Sometimes I feel as though I'm surrounded by stupid. It's not exactly fun, but it is always funny...just be glad it's happening to me, not you.

Tuesday, February 7, 2012

The Other Mothers

Let me be perfectly clear on something: I am not a parent. I am a nanny. All I come home to at night is my really weird dog and a mountain of shoes.

But since I am a nanny I am a substitute parent. I don't mean that with any disrespect, nor with a sense of superiority. Parents need to work so they can take care of their children, and sometimes need a caregiver. It's not a glamourous job, but it' a job I love. It puts the milk in my fridge (and drawings on it) and the kibble in my really weird dog's bowl. I'm not complaining. You know who complains? Other Mothers.

From the Refrigerator Gallery.
Myself, Dex, and Miss K walking my really weird dog.

Now the Other Mothers aren't every other mother. They're a special group of moms that have their noses in the air, think they're superior to every other parent on the planet (and each other), yet have zero parenting skills themselves. I am often the subject of their loud and easily overheard whispers. Whether I'm waiting at the bus stop for the kids or bringing them to their Karate lessons or basketball practices I get looks from disapproving OMs. How dare my employers hire a nanny?! Those kids need a mother's love, not a teenage best friend! Then those proud Other Mothers promptly scream at their own kids for interrupting their gossip sessions, throw them a candy bar, and expect them to sit quietly for an hour with nothing to do.

Eventually the questions start. I know what's coming if an Other Mother says more than hello to me. I am constantly asked the following:
Are you with the kids every day?
Where are their parents?
How much do you make?
How old are you? (I like watching their eyebrows go up when I tell them I'm almost ten years older than they think)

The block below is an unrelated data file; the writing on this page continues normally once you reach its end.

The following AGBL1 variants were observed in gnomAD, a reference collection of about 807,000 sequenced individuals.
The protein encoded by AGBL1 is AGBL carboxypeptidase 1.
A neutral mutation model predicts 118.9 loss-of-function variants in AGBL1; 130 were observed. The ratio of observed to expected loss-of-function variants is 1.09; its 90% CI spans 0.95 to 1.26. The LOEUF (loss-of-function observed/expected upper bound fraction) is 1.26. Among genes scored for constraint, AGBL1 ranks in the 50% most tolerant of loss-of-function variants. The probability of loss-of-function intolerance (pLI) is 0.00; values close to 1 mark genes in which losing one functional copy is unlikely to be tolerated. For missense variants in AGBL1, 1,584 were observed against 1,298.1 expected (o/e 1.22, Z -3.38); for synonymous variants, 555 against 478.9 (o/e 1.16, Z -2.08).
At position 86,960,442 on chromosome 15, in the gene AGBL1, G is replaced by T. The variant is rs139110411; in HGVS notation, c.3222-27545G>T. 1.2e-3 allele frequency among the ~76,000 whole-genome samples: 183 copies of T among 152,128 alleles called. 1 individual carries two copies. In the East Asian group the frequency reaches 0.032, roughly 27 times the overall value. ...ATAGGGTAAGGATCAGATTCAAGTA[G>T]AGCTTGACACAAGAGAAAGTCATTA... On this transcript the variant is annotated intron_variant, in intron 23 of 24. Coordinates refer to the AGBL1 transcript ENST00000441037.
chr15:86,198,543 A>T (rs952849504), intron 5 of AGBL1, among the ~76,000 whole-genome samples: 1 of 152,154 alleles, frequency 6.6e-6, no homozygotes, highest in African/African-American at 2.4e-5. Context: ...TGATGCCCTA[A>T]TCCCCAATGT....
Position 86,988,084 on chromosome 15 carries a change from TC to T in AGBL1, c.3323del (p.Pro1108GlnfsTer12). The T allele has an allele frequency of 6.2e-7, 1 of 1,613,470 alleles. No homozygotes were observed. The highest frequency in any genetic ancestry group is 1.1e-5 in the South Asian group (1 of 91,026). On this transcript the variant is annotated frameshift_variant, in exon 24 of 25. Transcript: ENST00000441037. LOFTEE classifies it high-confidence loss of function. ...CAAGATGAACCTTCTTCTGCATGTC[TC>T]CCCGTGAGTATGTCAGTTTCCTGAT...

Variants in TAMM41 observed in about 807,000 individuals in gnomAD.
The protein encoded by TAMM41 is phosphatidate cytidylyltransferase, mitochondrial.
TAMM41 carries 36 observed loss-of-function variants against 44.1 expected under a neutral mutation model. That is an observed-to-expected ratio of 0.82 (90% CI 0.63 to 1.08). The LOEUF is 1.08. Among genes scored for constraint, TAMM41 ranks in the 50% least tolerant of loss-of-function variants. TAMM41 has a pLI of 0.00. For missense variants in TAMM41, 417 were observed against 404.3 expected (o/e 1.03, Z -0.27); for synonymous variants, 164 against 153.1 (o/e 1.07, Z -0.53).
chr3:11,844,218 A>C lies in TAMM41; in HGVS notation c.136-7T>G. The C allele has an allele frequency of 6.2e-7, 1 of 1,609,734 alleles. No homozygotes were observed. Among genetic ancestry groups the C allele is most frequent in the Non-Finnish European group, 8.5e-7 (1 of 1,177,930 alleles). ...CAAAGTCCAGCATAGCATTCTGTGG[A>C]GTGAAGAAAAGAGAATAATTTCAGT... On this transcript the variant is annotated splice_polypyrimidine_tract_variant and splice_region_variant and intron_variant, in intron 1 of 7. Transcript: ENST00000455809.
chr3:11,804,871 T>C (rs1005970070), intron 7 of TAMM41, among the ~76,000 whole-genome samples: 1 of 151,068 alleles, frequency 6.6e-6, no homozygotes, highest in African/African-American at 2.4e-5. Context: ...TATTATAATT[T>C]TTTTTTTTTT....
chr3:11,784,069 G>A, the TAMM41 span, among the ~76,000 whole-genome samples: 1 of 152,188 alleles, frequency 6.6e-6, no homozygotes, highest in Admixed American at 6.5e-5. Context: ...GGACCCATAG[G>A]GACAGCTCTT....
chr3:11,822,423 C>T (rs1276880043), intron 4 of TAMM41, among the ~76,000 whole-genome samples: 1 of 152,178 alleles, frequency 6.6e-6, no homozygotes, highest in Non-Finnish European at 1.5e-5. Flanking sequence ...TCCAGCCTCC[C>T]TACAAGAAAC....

For some reason it's perfectly acceptable to ask me these things, though it's nobody's business but mine and the family I work for.
"Oh, I know Mrs. M, you can tell me!"
If you know her so well, feel free to give her a call! The OMs go back to discussing me again, whether they believe how old I am and how those kids I watch must be so maladjusted. Poor things.

The Really Weird Dog gets a really awesome handcrafted necklace courtesy of Miss K.

After a few weeks the Other Mothers start to realize how well-behaved the kids I tote with me are. Their own kids are screaming, crying, jumping on chairs, and breaking things like smartphones and nearby eardrums. It's allllmost time for us to finally leave the tiny Karate class waiting room...and I can't wait to get away. Junior has been crying for twenty minutes straight because Other Mother 1 won't let him play with her iPhone.
"I have a headache!" She tells him, and continues to text Other Mother 2, who has gone to the grocery store next door. Junior screams louder, confused as to why he is allowed to play with this fun toy sometimes and not others. The kid has nothing else to toys, no books, no video game or tv or he just cries. The one time I offered to loan him a children's book I got a sneer and a curt "we're fine, thanks." I haven't offered again, but I do bring crayons and a coloring book, just in case.
Finally, the kids are dismissed from Karate.
"Drea, can we go to Subway for dinner?" My eight-year-old charge is putting on her sneakers, while Other Mother 2's son is throwing his socks at his sister.
"Nope." I reply. A sock whizzes by my left ear.
"OK," she says with a shrug and walks out the door with me. Behind us the Other Mothers have their jaws hanging open.

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